Beijing’s Handling of Coronavirus Has Undermined Chinese Public’s Trust in State Media

Beijing's Handling of Coronavirus Has Undermined Chinese Public's Trust in State Media


Medical workers in protective suits attend to a patient inside an isolated ward of the Wuhan Red Cross Hospital in Wuhan, the epicenter of the novel coronavirus outbreak, in Hubei Province, China, February 16, 2020. (China Daily via Reuters)

China’s government is facing widespread criticism from its own citizens over its handling of the outbreak of the Wuhan coronavirus.

Beijing has launched a massive propaganda campaign with stories of Chinese heroism in the struggle to contain the coronavirus, meant to unify the country’s citizens behind the government. However, the government’s efforts have faced scorn on Chinese social media, where citizens are openly complaining about the government’s response to the crisis, New York Times reported Wednesday.

The Times cited a blog post by a lawyer, Deng Xueping, excoriating the government over the coronavirus. Deng mentioned a story circulated on state media about a woman who was treated at a Wuhan hospital, but liked staying in the hospital so much that she didn’t want to leave.

“When many patients in Wuhan were struggling to get treatment, our TV camera chose to turn to one happy outpatient,” Deng wrote in the post. “By magnifying one individual’s happiness while hiding the sufferings of most people there, it’s hard to say such coverage was truthful about the epidemic.”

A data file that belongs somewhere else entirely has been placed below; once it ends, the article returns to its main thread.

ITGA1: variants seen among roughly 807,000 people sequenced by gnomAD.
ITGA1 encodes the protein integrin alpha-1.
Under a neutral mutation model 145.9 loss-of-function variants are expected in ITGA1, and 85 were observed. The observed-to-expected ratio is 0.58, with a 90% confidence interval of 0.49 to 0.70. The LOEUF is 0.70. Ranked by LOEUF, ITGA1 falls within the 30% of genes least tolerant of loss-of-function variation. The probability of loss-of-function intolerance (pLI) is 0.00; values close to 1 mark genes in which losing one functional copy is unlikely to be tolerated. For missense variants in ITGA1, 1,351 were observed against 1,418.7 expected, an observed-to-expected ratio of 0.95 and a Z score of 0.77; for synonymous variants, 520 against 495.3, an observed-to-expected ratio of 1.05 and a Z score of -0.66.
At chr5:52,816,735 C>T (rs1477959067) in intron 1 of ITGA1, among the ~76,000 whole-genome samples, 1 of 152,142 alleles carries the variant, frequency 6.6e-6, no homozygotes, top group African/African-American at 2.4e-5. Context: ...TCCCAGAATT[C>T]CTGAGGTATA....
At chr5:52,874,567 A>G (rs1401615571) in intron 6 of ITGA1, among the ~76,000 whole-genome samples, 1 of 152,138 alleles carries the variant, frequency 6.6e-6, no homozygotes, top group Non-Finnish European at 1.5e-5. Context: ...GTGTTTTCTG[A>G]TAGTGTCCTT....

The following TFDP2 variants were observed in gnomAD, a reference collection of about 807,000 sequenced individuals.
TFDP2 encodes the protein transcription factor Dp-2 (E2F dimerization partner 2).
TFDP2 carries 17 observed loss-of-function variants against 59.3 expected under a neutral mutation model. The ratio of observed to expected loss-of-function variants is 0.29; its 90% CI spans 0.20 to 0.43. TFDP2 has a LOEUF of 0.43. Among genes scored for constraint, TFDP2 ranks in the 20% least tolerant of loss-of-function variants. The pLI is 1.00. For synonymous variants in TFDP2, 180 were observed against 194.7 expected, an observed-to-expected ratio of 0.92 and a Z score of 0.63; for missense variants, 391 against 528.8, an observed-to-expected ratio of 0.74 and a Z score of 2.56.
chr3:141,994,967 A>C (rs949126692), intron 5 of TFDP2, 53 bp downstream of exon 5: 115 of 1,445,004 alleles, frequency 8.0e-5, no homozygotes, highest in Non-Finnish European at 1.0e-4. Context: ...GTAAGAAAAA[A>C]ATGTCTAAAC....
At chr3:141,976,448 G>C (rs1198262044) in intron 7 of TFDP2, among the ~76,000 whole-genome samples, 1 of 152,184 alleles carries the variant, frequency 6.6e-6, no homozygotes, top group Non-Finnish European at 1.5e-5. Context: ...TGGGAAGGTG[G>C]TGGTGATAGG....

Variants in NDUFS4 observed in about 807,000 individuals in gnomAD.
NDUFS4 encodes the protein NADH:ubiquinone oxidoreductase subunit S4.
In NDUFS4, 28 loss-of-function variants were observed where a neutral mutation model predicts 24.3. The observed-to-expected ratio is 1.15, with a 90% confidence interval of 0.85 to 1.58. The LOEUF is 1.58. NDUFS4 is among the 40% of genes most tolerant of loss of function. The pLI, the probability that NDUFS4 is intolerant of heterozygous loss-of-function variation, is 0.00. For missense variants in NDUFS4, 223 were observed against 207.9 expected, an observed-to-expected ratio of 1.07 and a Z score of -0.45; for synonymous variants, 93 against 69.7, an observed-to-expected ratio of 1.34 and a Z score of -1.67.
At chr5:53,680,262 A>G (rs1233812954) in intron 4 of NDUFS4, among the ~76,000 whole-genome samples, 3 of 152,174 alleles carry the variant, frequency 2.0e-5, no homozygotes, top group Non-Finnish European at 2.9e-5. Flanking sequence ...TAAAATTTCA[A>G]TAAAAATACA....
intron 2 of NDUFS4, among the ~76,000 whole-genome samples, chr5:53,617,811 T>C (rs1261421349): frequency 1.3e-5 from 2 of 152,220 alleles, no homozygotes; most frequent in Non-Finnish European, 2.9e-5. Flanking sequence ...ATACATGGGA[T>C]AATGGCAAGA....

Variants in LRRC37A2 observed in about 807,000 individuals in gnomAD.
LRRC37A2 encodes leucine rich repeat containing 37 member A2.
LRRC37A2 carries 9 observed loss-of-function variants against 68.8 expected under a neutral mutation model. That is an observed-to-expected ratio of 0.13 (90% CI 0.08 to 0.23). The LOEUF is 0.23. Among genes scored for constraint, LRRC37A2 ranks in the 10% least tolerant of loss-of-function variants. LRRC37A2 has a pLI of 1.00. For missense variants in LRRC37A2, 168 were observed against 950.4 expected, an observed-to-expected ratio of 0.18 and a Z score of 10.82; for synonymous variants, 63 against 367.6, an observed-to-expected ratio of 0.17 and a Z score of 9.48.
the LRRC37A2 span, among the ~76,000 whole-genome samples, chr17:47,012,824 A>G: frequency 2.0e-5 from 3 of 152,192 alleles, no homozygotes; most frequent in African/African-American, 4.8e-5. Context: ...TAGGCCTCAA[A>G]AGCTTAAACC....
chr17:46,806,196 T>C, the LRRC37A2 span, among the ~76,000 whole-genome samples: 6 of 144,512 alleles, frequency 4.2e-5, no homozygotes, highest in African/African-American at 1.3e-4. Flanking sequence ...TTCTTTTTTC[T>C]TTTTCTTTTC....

Some stories put out by state media are completely unbelievable. A newspaper in the city of Xi’an in central China was forced to retract a story detailing how a nurse’s newborn twins asked their father where their mother had gone. The Times cited another Chinese newspaper which reported that another nurse’s husband, who has been in a vegetative state since 2014, would smile whenever he “heard” his wife’s name, “as if he knew that his wife was engaged in a great endeavor.”

There is also widespread anger over the government’s initial condemnation of eight doctors who tried to warn others about the outbreak of the SARS-like illness in Wuhan in late December-early January, before the outbreak took hold in earnest. One of those doctors, Li Wenliang, tried to warn medical school friends of the illness.

After Li was reprimanded by the local Wuhan government for spreading “rumors,” he contracted the virus from a patient he did not know was infected. Li has since died.

China has also changed its diagnostic criteria for the coronavirus multiple times, leading to confusion over the number of confirmed cases in the country. A health official from Hubei Provice, the epicenter of the outbreak, has accused the government of a lack of transparency and accuracy regarding its reporting of cases.

Zachary Evans is a news writer for National Review Online. He is a veteran of the Israeli Defense Forces and a trained violist.





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